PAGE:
How the Team Removed Rock at Lookout Mountain Without Blasting
**Click here to read the complete transcript of the podcast: concept-to-completion.box.com/s/7xsx3qrf691ezc0u1pli6o0ti104trw7 . Below is an excerpt.**
Charles Jabaley: Welcome to GroundUp, a podcast by EMJ Corporation featuring stories that define who we are as a company. I’m your host, Charles Jabaley.
Located in EMJ’s hometown of Chattanooga, Tennessee, Ruby Falls boasts the nation’s largest and deepest underground waterfall open to the public, sitting 1,120 feet below the surface of Lookout Mountain. Ruby Falls has a strong legacy in Chattanooga, so when the EMJ team was selected to oversee the attraction’s expansion, it jumped at the opportunity to serve the community and to tackle the unique challenge of building on a rocky mountainside.
Hugh Morrow: The EMJ team came to us and said, "We want to build anything that is historically significant to Chattanooga, and this building is.”
Charles: That’s Hugh Morrow, President of Ruby Falls.
Hugh Morrow: It will be here for 75, 80, 100 years and it is a unique landmark going forward that most everybody that travels through Chattanooga is aware of Ruby Falls. So to be a part of that and to complete this has been extremely exciting.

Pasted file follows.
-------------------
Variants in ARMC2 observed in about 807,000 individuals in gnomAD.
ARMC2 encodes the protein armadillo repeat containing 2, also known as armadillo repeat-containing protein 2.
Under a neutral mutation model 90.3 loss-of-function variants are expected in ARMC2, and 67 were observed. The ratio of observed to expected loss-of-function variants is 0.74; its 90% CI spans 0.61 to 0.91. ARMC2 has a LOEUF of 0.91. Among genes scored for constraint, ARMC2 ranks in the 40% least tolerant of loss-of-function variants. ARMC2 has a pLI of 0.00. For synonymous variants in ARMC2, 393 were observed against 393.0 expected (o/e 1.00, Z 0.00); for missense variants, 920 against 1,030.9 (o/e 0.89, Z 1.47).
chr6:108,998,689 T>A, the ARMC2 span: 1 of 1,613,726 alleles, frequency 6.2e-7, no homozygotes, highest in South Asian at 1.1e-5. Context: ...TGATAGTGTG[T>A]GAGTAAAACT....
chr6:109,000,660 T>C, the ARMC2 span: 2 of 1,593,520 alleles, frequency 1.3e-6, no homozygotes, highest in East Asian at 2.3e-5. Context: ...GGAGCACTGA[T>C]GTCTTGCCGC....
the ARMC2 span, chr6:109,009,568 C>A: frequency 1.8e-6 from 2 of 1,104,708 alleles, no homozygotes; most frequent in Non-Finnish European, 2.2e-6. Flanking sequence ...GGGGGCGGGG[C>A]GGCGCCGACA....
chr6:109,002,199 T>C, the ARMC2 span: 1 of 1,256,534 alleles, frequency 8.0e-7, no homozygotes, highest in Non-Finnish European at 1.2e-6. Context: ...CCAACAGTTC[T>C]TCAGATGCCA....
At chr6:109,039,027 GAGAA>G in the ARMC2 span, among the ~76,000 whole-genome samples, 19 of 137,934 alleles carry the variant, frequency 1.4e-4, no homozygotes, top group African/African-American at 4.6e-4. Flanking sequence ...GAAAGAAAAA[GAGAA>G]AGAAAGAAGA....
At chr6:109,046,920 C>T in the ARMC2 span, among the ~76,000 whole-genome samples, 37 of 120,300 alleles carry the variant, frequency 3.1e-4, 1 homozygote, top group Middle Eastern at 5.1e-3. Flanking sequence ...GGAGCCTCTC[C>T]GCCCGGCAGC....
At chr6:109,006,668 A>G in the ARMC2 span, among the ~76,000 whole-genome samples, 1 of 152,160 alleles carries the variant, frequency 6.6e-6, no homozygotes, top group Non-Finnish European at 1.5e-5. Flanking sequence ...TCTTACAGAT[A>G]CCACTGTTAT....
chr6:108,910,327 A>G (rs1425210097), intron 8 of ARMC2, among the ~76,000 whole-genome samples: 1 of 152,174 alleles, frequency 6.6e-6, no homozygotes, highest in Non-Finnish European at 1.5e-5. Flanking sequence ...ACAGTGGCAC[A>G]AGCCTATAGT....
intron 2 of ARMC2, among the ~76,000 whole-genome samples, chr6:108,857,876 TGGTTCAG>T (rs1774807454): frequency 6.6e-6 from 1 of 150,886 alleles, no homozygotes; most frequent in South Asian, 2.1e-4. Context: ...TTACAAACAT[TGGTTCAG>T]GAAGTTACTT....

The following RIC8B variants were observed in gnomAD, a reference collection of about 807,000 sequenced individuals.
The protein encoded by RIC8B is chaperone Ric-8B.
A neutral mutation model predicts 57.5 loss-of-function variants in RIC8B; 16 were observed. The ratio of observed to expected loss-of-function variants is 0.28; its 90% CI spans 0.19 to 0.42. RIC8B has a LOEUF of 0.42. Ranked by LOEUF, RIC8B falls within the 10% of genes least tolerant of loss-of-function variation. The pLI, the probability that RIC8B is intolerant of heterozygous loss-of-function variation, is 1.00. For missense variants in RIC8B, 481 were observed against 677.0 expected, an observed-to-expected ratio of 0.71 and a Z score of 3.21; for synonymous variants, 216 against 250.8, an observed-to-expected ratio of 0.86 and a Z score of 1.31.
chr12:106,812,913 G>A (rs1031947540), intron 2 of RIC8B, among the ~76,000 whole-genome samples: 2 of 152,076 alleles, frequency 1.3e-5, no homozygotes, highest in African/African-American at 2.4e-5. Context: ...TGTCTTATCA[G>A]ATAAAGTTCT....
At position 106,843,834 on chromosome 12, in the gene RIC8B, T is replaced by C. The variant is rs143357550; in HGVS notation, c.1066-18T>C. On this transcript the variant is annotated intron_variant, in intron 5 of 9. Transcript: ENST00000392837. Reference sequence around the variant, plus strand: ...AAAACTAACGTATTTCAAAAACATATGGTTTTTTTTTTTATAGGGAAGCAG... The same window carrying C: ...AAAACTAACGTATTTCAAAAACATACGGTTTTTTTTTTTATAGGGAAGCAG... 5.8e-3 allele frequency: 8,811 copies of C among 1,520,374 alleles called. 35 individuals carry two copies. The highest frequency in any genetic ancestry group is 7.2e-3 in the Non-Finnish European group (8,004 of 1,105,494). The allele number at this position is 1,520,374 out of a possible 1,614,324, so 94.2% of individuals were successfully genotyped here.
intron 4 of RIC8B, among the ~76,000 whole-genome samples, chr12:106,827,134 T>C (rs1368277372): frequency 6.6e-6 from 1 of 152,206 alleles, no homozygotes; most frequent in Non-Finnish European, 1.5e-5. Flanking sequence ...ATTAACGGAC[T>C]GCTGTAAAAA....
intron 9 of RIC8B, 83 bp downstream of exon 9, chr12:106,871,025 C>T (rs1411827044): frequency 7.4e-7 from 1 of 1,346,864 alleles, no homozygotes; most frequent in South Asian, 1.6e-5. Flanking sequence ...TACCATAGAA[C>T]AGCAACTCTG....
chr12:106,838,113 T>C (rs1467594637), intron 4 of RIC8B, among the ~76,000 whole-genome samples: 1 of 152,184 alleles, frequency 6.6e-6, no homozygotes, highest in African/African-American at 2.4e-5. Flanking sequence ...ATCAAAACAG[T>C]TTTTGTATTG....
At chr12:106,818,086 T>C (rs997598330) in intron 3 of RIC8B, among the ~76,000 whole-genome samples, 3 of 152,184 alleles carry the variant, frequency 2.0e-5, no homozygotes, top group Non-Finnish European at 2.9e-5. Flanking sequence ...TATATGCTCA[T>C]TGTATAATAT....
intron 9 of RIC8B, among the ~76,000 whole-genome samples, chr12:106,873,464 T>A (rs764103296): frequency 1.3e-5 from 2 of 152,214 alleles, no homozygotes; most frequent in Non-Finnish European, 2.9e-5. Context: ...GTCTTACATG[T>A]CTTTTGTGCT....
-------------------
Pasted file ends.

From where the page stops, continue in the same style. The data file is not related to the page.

Charles: The expansion included a new "Village Plaza," ticket atrium, overlook of the city, larger gift shop and shaded outdoor patio area, as well as updated parking, restrooms and office spaces.
Matt: Basically the building was designed to queue customers more efficiently through their building that allows them to cut down on how many people are standing in line, which ultimately will increase the customer experience at their attraction.
Hugh: Our intention is to create a platform or a pad out of the rock, next to our iconic 1929 castle so that we could settle the building back into the mountain. We also have our number one revenue source, which is our cavern tour that runs directly under the new building at about 260 feet.
Charles: The site’s location on a rocky mountainside presented many unique challenges.
Hugh: We could not use explosives or any type of aggressive means to remove the rock for fear that it might damage what's underneath it which is our cavern, or damage what is next to it which was the 1929 castle. So we had to come up with some unique ways to do that and carefully and gingerly remove rock as best we could to create the platform for the new building to go on.
Charles: Here’s Alex Miller, EMJ Vice President of Preconstruction.
Alex Miller: You had to move forty foot of rock off the side of a mountain above a cave that's been there for thousands of years. So there was all kinds of ideas going around about how to remove the rock. Do you blast the rock, do you drill it and hammer it out, do you use basically a chemical reaction where you drill holes and pour something in and it expands and fractures the rock and then you remove it?
Charles: The EMJ team along with Blevins Construction Management, the architects from PGAV Destinations, the Ruby Falls operations team and various trade partners researched and considered all options.
**Click here to read the rest of the story: concept-to-completion.box.com/s/7xsx3qrf691ezc0u1pli6o0ti104trw7 **